BOSTON (CBS) — Wednesday night at Fenway Park marked the beginning of a major youth movement on the Boston Red Sox. As it turns out, 100 years ago to the day, a similar movement was afoot, as a rookie by the name of George Herman Ruth stepped onto the field for the first time as a member of the Red Sox.
It was just the seventh season as the “Red Sox” for Boston’s baseball organization, which operated as the Boston Americans from 1901-1907. Fenway Park was a shiny new stadium, in just its third year of existence.
It was on July 9, 1914, that the Red Sox purchased Ruth, Ernie Shore and Ben Egan from Baltimore. The 19-year-old Ruth was a promising young player for Baltimore, and he would make his debut just two days later.
In that game, Ruth was the starting pitcher against the Cleveland Naps, who would become the Indians the following year. Ruth got the win, allowing three runs — two earned — on eight hits over seven innings. He struck out one batter and walked none.
Offensively, Ruth batted in the nine hole, going 0-for-2 with a strikeout — an inauspicious start to what would turn out to be one of the most legendary baseball careers in the history of the game.
The nine-inning game, a 4-3 Boston victory, took one hour and 33 minutes to complete.
On Friday, The Boston Globe shared its front page from July 10, 1914, the day after Ruth was purchased:
The Globe also shared its cartoon from the day after Ruth’s debut, which 100 years later is an interesting way to see how fans used to get their baseball news:
In case you didn’t catch that, the cartoon says, “The play of the game was a very much round about affair as herewith described. [Baseball player singing] This is th’ life – This is th’ life … [A wounded baseball, sitting in front of the fence, saying] Scoundrel! … Mr. Gardner just walked home on air, so light and gay felt he.”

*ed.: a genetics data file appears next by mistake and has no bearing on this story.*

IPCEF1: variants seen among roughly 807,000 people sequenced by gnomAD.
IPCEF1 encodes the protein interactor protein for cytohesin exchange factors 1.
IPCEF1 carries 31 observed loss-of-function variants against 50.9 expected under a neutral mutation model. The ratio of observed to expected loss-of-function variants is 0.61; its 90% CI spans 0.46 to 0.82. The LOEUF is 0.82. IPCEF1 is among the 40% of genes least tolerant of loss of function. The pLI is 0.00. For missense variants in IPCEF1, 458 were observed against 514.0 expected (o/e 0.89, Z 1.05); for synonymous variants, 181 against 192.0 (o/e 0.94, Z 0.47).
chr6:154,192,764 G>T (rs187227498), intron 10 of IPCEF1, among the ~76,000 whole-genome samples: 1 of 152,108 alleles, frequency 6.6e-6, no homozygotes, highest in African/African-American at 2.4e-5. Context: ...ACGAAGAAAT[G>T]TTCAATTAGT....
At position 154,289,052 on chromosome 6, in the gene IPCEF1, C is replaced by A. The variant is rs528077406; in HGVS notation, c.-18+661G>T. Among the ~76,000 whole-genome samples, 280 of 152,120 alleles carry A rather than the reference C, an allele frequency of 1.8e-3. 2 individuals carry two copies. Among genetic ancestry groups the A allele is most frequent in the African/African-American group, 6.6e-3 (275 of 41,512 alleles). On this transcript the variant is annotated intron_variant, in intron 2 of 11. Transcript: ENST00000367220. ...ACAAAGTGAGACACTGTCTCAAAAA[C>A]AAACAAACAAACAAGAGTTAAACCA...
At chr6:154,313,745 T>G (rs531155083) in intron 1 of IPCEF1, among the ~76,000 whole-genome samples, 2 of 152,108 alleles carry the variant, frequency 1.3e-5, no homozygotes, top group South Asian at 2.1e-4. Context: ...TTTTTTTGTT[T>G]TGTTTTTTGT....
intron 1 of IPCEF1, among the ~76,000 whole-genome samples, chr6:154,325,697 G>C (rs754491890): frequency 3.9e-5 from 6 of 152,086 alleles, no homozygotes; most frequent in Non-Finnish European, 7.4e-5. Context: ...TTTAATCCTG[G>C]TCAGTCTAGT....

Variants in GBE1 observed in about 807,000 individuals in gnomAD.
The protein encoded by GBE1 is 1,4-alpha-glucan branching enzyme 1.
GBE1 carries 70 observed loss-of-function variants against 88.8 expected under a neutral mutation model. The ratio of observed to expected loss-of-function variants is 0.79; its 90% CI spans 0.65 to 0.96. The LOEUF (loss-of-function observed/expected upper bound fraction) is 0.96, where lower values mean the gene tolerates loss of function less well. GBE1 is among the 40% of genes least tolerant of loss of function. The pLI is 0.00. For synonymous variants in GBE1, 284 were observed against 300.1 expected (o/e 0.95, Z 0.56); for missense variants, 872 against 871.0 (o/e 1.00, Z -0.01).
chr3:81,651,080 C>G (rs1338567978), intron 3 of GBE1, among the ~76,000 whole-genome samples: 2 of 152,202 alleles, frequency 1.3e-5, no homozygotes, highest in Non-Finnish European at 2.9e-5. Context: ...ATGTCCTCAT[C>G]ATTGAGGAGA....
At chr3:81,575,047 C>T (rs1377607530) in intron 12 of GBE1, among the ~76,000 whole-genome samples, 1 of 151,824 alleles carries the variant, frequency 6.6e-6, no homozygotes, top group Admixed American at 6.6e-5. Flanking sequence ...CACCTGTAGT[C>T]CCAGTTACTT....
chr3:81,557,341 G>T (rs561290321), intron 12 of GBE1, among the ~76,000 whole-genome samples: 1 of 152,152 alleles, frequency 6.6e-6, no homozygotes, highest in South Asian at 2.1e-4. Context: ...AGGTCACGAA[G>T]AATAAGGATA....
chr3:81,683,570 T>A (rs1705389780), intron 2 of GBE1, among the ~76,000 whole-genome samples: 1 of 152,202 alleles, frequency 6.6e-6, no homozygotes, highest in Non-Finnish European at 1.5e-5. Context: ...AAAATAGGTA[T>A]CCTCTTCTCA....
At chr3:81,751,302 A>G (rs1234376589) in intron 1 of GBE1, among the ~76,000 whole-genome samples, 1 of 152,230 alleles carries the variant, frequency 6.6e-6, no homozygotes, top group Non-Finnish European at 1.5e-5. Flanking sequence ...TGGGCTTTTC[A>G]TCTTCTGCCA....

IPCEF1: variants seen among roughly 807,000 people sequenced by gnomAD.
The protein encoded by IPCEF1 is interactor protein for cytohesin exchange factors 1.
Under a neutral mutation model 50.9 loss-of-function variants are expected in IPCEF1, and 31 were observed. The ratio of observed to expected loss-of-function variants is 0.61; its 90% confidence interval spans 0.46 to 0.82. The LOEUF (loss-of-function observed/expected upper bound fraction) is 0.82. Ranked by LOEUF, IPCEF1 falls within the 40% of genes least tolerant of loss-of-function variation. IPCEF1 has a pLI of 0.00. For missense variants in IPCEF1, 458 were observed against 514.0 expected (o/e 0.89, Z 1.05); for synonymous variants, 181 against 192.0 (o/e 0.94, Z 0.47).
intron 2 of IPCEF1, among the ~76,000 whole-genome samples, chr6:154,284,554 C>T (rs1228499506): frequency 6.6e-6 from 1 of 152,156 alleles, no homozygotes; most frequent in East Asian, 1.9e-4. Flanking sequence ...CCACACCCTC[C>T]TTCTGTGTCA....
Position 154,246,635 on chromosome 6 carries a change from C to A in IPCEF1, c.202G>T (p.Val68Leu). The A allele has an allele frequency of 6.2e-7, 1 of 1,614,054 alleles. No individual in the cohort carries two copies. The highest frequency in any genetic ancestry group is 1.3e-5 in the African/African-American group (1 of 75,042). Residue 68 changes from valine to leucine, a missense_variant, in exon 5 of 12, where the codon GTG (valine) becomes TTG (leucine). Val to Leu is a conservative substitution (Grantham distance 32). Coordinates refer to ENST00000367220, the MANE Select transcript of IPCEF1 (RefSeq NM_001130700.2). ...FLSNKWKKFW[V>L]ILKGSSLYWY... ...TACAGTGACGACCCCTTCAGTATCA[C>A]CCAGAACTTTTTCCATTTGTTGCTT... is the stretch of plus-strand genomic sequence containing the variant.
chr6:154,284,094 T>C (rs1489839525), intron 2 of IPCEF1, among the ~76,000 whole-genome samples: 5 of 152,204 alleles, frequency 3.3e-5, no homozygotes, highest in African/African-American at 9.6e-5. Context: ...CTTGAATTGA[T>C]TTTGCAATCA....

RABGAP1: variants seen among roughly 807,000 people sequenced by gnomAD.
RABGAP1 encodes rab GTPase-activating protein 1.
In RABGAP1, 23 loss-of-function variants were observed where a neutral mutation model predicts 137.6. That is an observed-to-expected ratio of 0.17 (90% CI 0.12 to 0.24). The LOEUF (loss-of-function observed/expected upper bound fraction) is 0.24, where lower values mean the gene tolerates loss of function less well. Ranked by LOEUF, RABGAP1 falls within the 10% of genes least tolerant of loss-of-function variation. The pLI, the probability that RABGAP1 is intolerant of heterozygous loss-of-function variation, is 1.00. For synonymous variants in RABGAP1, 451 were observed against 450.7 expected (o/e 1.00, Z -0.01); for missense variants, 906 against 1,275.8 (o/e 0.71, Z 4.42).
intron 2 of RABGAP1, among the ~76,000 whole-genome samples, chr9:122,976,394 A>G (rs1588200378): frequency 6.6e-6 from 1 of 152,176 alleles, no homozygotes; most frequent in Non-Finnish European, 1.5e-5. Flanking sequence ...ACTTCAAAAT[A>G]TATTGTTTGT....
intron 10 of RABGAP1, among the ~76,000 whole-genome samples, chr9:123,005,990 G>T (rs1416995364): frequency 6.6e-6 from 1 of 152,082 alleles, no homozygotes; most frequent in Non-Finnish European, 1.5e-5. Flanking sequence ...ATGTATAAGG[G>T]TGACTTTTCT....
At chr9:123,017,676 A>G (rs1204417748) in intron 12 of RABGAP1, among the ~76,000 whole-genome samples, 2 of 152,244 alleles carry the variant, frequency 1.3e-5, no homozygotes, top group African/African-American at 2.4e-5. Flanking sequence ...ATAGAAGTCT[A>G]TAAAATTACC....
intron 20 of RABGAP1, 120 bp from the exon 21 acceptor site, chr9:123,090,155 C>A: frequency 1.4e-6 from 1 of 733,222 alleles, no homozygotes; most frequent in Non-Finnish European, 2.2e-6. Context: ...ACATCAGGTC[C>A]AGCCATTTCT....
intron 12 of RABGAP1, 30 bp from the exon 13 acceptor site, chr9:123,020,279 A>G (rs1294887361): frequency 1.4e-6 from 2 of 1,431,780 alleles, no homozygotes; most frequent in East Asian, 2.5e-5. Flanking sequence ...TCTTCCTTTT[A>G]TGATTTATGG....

Got all that?
It’s not exactly comparable to the endless number of highlight videos we have available at our fingertips on MLB.com these days.
Also in the cartoon: “Mr. [Hal] Janvrin’s catch of Mr. [Steve] O’Neill’s foul was a terpsichorean feat of note. … [A fan yelling] Remember that step Jan and sell it to the tango fiends.”
Specifically about Ruth, the cartoon said, “Mr. Ruth looks very like Mr. Leonard, also like ‘some’ pitcher.”
After that debut, Ruth was not used much by the Red Sox, as he played in just five total games that season. He went 2-for-10 with one double, zero walks and four strikeouts at the plate, and he went 2-1 with a 3.91 ERA in 23 innings pitched, striking out three and walking seven. Ruth played a much more prominent role in 1915, when he went 18-8 with a 2.44 ERA in 28 starts on the mound while batting .315 with four home runs, 10 doubles and a triple for the World Series-winning Red Sox.The Sox won the World Series again in 1916, with Ruth pitching all 14 innings of a 2-1 Boston victory over the Brooklyn Dodgers to give the Sox a 2-0 lead in the series, which they’d win in five games. In 1918, another championship season for the Sox, Ruth went 2-0 with a 1.06 ERA in the postseason, including a complete game shutout against the Cubs in Game 1 of the World Series and an eight-inning outing in Game 4. Ruth allowed two runs in that one before being replaced by “Bullet” Joe Bush. (They just don’t make nicknames like they used to.)
It wasn’t until the 1918 season that Ruth started to harness his trademark power at the plate, as he belted 11 homers in 1918 and then hit 29 dingers in 1919.
In December of 1919, Harry Frazee sold Ruth’s contract to the New York Yankees, and the rest is history — a whole lot of history. But it all began exactly 100 years ago today.
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